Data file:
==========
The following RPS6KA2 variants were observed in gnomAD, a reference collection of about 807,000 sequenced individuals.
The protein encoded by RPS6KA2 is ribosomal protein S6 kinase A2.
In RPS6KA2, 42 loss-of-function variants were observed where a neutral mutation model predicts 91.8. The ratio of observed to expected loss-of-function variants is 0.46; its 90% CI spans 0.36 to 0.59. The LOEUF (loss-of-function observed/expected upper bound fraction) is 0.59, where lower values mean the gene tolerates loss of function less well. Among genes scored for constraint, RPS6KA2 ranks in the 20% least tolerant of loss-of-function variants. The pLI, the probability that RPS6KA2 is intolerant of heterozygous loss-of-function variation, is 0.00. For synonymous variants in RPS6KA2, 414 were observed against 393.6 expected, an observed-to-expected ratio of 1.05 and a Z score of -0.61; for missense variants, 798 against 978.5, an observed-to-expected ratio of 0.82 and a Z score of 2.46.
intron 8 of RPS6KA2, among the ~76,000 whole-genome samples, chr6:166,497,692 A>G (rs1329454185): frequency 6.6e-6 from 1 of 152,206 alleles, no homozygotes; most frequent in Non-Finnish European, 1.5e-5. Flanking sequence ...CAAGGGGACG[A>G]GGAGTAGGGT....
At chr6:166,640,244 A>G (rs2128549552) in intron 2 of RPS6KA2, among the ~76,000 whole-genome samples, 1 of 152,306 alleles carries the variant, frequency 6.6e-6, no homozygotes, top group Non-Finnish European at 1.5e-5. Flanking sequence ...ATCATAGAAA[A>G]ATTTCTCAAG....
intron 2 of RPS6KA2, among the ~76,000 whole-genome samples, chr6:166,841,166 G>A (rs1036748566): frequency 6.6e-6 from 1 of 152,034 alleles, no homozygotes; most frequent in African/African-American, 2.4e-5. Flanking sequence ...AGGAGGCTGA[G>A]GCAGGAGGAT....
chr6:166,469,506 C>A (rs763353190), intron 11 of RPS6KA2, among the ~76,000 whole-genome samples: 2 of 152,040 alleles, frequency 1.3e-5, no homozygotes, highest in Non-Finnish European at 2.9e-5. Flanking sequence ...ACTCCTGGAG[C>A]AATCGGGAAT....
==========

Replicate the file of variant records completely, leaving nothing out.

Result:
The following RPS6KA2 variants were observed in gnomAD, a reference collection of about 807,000 sequenced individuals.
The protein encoded by RPS6KA2 is ribosomal protein S6 kinase A2.
In RPS6KA2, 42 loss-of-function variants were observed where a neutral mutation model predicts 91.8. The ratio of observed to expected loss-of-function variants is 0.46; its 90% CI spans 0.36 to 0.59. The LOEUF (loss-of-function observed/expected upper bound fraction) is 0.59, where lower values mean the gene tolerates loss of function less well. Among genes scored for constraint, RPS6KA2 ranks in the 20% least tolerant of loss-of-function variants. The pLI, the probability that RPS6KA2 is intolerant of heterozygous loss-of-function variation, is 0.00. For synonymous variants in RPS6KA2, 414 were observed against 393.6 expected, an observed-to-expected ratio of 1.05 and a Z score of -0.61; for missense variants, 798 against 978.5, an observed-to-expected ratio of 0.82 and a Z score of 2.46.
intron 8 of RPS6KA2, among the ~76,000 whole-genome samples, chr6:166,497,692 A>G (rs1329454185): frequency 6.6e-6 from 1 of 152,206 alleles, no homozygotes; most frequent in Non-Finnish European, 1.5e-5. Flanking sequence ...CAAGGGGACG[A>G]GGAGTAGGGT....
At chr6:166,640,244 A>G (rs2128549552) in intron 2 of RPS6KA2, among the ~76,000 whole-genome samples, 1 of 152,306 alleles carries the variant, frequency 6.6e-6, no homozygotes, top group Non-Finnish European at 1.5e-5. Flanking sequence ...ATCATAGAAA[A>G]ATTTCTCAAG....
intron 2 of RPS6KA2, among the ~76,000 whole-genome samples, chr6:166,841,166 G>A (rs1036748566): frequency 6.6e-6 from 1 of 152,034 alleles, no homozygotes; most frequent in African/African-American, 2.4e-5. Flanking sequence ...AGGAGGCTGA[G>A]GCAGGAGGAT....
chr6:166,469,506 C>A (rs763353190), intron 11 of RPS6KA2, among the ~76,000 whole-genome samples: 2 of 152,040 alleles, frequency 1.3e-5, no homozygotes, highest in Non-Finnish European at 2.9e-5. Flanking sequence ...ACTCCTGGAG[C>A]AATCGGGAAT....